Over 150 public viewing sites will be open across the nation for people
Before the gates opened, large crowds of mourners had queued for hours to bid farewell to one of the world's most loved statesmen, reports Xinhua.
"I was here before 2 a.m. I did not want to miss this day. I am here to say thank you, rest in peace Madiba," said 31-year-old Amukelani Mazibuko who came from Thembia, about 80 km from the venue.
Mandela, South Africa's first black president, died at his Johannesburg house Dec 5 at the age of 95.
"This is history in the making," Mbuyiselo Nyanda of Soweto said.
More than 100 heads of state and government, as well as current and past presidents, will attend the memorial service. International and regional organisations will also be represented. Key dignitaries include UN Secretary General Ban Ki-moon and African Union Commission Chairwoman Nkosazana Dlamini Zuma.
"I want to be party of this crowd saying goodbye to Madiba. Go well, African hero," said another mourner Mohapi Nkoeneane.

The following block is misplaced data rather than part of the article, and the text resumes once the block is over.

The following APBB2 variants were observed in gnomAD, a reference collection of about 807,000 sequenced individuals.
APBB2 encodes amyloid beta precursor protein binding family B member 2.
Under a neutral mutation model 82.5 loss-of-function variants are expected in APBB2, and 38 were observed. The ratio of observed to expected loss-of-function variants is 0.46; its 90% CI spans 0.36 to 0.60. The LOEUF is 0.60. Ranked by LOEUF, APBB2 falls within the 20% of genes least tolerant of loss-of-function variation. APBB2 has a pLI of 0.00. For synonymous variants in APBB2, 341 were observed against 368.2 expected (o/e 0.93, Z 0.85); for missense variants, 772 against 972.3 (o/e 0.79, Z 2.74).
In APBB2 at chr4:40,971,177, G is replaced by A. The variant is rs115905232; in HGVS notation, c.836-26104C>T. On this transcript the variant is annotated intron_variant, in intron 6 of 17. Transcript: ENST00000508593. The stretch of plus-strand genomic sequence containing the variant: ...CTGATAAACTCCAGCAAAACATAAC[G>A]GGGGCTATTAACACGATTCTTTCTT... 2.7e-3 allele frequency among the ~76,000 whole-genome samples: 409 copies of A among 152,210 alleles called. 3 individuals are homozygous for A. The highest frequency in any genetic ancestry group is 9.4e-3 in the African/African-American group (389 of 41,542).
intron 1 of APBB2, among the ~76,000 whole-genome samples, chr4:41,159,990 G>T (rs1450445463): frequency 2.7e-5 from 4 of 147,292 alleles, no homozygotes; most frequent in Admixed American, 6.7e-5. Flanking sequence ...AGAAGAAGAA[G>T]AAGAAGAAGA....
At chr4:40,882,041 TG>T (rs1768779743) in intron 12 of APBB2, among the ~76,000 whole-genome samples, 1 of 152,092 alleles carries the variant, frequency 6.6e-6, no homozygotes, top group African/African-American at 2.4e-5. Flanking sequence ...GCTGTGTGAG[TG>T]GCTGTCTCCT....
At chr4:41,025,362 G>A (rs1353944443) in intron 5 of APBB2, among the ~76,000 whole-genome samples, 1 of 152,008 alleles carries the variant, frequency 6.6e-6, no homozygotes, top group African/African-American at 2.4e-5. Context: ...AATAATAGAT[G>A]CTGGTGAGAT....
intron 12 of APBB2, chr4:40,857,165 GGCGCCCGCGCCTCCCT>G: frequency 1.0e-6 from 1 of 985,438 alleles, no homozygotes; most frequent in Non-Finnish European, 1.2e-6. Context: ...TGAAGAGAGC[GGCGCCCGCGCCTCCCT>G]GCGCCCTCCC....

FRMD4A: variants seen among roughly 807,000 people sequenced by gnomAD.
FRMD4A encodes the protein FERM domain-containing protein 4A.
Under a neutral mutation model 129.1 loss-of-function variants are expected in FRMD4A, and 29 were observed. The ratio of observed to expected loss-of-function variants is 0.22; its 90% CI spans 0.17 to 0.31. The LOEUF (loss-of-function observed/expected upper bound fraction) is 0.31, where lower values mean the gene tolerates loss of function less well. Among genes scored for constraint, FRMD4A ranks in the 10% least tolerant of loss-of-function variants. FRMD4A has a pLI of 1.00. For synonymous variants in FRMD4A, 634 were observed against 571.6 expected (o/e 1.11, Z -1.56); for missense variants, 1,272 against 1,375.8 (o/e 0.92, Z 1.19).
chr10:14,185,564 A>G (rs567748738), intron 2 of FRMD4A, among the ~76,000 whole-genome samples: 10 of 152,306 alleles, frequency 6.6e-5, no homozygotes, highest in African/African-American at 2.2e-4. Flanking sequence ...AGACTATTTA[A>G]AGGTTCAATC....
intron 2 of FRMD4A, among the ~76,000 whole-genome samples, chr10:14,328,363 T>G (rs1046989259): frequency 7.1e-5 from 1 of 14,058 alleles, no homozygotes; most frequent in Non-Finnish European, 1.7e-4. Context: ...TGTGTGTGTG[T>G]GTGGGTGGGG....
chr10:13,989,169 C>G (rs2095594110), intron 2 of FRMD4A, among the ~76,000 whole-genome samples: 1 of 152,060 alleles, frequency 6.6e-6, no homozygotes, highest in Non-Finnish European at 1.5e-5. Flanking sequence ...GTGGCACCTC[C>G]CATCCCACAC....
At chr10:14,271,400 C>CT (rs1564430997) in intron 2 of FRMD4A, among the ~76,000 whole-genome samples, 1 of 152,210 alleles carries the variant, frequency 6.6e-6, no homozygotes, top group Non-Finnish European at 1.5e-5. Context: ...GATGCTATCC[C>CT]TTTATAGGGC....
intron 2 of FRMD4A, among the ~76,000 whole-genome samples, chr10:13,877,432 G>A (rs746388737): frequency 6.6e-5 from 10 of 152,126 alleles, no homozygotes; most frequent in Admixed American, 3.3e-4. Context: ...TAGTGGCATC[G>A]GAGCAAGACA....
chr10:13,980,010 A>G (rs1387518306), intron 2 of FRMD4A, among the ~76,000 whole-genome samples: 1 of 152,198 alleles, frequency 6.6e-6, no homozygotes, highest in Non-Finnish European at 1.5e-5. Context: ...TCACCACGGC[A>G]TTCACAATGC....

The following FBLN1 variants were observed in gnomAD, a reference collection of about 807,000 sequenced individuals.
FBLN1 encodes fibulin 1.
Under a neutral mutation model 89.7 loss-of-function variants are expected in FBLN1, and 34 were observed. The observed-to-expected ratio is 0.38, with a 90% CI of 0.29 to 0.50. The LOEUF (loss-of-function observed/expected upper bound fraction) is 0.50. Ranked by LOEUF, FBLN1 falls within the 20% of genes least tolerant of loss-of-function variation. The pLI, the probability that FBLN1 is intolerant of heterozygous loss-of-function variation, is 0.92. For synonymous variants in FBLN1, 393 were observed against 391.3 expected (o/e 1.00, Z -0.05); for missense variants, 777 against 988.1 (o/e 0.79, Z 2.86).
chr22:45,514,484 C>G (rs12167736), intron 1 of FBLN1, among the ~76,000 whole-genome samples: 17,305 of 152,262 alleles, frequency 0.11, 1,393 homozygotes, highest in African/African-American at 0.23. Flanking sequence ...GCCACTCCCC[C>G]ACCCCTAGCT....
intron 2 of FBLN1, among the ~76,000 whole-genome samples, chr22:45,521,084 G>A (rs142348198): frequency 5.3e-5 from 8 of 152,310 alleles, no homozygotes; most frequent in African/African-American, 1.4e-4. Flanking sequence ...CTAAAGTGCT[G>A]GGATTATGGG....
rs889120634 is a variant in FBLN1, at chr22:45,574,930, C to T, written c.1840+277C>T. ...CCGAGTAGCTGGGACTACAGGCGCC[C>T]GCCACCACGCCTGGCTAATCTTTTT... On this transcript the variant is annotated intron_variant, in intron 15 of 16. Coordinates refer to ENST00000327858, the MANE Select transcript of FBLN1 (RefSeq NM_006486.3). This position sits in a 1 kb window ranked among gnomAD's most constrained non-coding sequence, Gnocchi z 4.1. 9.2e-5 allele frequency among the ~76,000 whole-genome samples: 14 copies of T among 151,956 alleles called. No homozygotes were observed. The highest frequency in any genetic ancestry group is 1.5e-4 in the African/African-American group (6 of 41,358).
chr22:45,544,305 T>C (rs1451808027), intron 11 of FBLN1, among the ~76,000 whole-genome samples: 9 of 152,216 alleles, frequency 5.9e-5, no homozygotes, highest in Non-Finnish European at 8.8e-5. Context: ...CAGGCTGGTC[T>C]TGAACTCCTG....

Nomvula Mokonyane, Gauteng province premier, said Tuesday that the provincial government beefed up free public transport with 740 extra trains to make it 5,000 in total to carry mourners to the stadium.
The national government said over 150 public viewing sites will be open across the nation for people who cannot make it to the stadium.
Outside the stadium, mourners sang songs in praise of Mandela, some bursting into tears.
"Nelson Mandela, Nelson Mandela Haunaye ofana niwena (Nelson Mandela, Nelson Mandela there is none like you)," they sang.
"Tata (father) was a true comrade," Amukelani Bhekisile Gaza said.
"He was a true revolutionary," 29-year-old Ncamisile Khumoyame said, as a group of young men lay on the wet ground, imitating anti-apartheid struggle veterans.
Mandela's body will be taken from the FNB stadium to the Union Buildings in Pretoria where it will lie in state for three days, beginning Dec 11.
From there it will be taken to Qunu in the Eastern Cape province, Mandela's native place where he would be buried Dec 15.